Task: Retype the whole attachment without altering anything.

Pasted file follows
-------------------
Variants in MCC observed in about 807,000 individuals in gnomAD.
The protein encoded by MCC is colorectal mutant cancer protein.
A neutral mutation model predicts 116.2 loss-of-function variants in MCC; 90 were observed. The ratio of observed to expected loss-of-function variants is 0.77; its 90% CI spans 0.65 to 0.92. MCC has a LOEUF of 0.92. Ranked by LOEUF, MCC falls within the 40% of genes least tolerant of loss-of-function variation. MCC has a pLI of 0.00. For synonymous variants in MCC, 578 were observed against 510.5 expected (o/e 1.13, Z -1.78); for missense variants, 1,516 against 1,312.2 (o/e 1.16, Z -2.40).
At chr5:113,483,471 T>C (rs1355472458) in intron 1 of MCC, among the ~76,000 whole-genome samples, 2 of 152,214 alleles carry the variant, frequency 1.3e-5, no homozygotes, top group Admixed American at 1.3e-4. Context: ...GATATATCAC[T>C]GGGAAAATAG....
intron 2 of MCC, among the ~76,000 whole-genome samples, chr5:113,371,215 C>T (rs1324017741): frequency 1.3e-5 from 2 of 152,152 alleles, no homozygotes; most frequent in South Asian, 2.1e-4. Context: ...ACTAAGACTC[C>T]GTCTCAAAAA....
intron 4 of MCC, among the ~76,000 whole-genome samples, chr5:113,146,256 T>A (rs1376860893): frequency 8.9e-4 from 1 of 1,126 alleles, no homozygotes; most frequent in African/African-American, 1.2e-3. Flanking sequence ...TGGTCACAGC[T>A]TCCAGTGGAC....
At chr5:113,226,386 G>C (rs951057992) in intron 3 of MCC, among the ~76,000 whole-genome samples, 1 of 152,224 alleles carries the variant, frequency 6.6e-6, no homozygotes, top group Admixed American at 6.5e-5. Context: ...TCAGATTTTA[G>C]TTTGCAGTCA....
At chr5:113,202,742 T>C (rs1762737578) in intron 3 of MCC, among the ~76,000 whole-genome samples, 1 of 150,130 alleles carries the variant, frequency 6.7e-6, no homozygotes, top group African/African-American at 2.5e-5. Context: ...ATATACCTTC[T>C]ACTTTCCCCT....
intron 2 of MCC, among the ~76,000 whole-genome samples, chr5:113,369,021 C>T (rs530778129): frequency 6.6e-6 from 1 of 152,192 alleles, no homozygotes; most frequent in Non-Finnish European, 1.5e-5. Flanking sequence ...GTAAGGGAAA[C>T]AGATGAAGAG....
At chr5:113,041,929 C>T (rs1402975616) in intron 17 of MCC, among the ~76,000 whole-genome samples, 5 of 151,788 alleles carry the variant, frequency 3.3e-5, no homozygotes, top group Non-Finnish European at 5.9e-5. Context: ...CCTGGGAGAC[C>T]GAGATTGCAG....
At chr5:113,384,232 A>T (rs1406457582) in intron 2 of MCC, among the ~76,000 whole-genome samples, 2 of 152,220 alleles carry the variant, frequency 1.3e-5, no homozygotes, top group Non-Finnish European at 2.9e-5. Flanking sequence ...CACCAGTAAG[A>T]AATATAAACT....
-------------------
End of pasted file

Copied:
Variants in MCC observed in about 807,000 individuals in gnomAD.
The protein encoded by MCC is colorectal mutant cancer protein.
A neutral mutation model predicts 116.2 loss-of-function variants in MCC; 90 were observed. The ratio of observed to expected loss-of-function variants is 0.77; its 90% CI spans 0.65 to 0.92. MCC has a LOEUF of 0.92. Ranked by LOEUF, MCC falls within the 40% of genes least tolerant of loss-of-function variation. MCC has a pLI of 0.00. For synonymous variants in MCC, 578 were observed against 510.5 expected (o/e 1.13, Z -1.78); for missense variants, 1,516 against 1,312.2 (o/e 1.16, Z -2.40).
At chr5:113,483,471 T>C (rs1355472458) in intron 1 of MCC, among the ~76,000 whole-genome samples, 2 of 152,214 alleles carry the variant, frequency 1.3e-5, no homozygotes, top group Admixed American at 1.3e-4. Context: ...GATATATCAC[T>C]GGGAAAATAG....
intron 2 of MCC, among the ~76,000 whole-genome samples, chr5:113,371,215 C>T (rs1324017741): frequency 1.3e-5 from 2 of 152,152 alleles, no homozygotes; most frequent in South Asian, 2.1e-4. Context: ...ACTAAGACTC[C>T]GTCTCAAAAA....
intron 4 of MCC, among the ~76,000 whole-genome samples, chr5:113,146,256 T>A (rs1376860893): frequency 8.9e-4 from 1 of 1,126 alleles, no homozygotes; most frequent in African/African-American, 1.2e-3. Flanking sequence ...TGGTCACAGC[T>A]TCCAGTGGAC....
At chr5:113,226,386 G>C (rs951057992) in intron 3 of MCC, among the ~76,000 whole-genome samples, 1 of 152,224 alleles carries the variant, frequency 6.6e-6, no homozygotes, top group Admixed American at 6.5e-5. Context: ...TCAGATTTTA[G>C]TTTGCAGTCA....
At chr5:113,202,742 T>C (rs1762737578) in intron 3 of MCC, among the ~76,000 whole-genome samples, 1 of 150,130 alleles carries the variant, frequency 6.7e-6, no homozygotes, top group African/African-American at 2.5e-5. Context: ...ATATACCTTC[T>C]ACTTTCCCCT....
intron 2 of MCC, among the ~76,000 whole-genome samples, chr5:113,369,021 C>T (rs530778129): frequency 6.6e-6 from 1 of 152,192 alleles, no homozygotes; most frequent in Non-Finnish European, 1.5e-5. Flanking sequence ...GTAAGGGAAA[C>T]AGATGAAGAG....
At chr5:113,041,929 C>T (rs1402975616) in intron 17 of MCC, among the ~76,000 whole-genome samples, 5 of 151,788 alleles carry the variant, frequency 3.3e-5, no homozygotes, top group Non-Finnish European at 5.9e-5. Context: ...CCTGGGAGAC[C>T]GAGATTGCAG....
At chr5:113,384,232 A>T (rs1406457582) in intron 2 of MCC, among the ~76,000 whole-genome samples, 2 of 152,220 alleles carry the variant, frequency 1.3e-5, no homozygotes, top group Non-Finnish European at 2.9e-5. Flanking sequence ...CACCAGTAAG[A>T]AATATAAACT....